DMX Featuring N.O.R.E., Jim Jones, Jadakiss & Friends With DJ Scram Jones In Concert - New York, New York

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In the music game, the power of owning your own masters is considered an ultimate boss move, and Dipset capo Jim Jones is all about boss moves when it comes to his music. He went on Instagram this weekend to check the masses on whether anyone really understood what the phrase means.

“To be an independent artist is very dope. That means you’re keeping the power within yourself, dope,” he began his post. But then Jimmy asked if people really grasped the concept or were just parroting terms for the streets. “A lot of independent artists [are] talkin’ about “I own my masters, I own my masters.” Yeah, it’s a plus to own your masters. My question is, to you artists who say, “I own my masters,” do you even know what to do with your masters after you own ’em? Do you know how to cash in on those masters, or do you just own your masters like you own a chain? [chuckles]”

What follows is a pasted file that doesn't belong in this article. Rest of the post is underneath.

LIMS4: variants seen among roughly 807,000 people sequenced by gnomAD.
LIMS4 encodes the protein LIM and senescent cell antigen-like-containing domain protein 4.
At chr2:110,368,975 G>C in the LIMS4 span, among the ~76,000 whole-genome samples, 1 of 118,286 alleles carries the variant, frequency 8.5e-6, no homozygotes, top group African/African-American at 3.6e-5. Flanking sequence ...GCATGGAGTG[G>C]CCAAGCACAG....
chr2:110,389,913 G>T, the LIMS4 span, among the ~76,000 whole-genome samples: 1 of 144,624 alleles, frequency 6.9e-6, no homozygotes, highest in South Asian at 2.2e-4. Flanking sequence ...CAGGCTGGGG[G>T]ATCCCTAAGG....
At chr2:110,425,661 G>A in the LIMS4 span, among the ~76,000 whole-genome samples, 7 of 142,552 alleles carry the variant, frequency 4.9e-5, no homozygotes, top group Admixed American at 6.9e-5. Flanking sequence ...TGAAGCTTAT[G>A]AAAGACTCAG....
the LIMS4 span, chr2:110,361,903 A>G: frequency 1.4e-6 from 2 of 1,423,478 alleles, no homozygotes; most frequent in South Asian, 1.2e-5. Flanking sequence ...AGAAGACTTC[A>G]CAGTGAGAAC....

When it comes to masters ownership, that particular power struggle between artists and record labels might be the biggest one, and that is not unique to rappers. Pop superstar Taylor Swift and the late icon Prince have engaged in furious disputes with their labels with regard to this. As recently as last year, 50 Cent had to eat a major “L” versus his longtime rap nemesis Rick Ross due to not owning his masters.

But you would think Fif would have been one of the biggest artists to get a handle on this early. He and Jimmy had a heated spat about the importance of artist independence on the popular New York radio station Hot 97 in 2007. (Granted, that specific back-and-forth was more about distribution and royalties percentage, but the spirit of their convo remains the same.) However, in his patented troll fashion, 50 allegedly wanted to spin the tactic and had an interest in purchasing the masters of another one of his foes, Ja Rule.

Jimmy wrote on his IG post that artists should “have a Masters Class cause most of yal [sic] are still Slaves to th [sic] Rhythm.” And based on his confidence in the video, Jimmy might be the guy to package an online learning class for musicians on how to boss up.

“Get back to me if you even know exactly what a master even is, if you understand that whole method…,” he challenged his followers on IG. “Masters are digital [now], it’s [no longer a] physical thing that you could grab onto but do you know how to cash in on them? Lemme know and I’ll holla back for all you artists – independent ones.”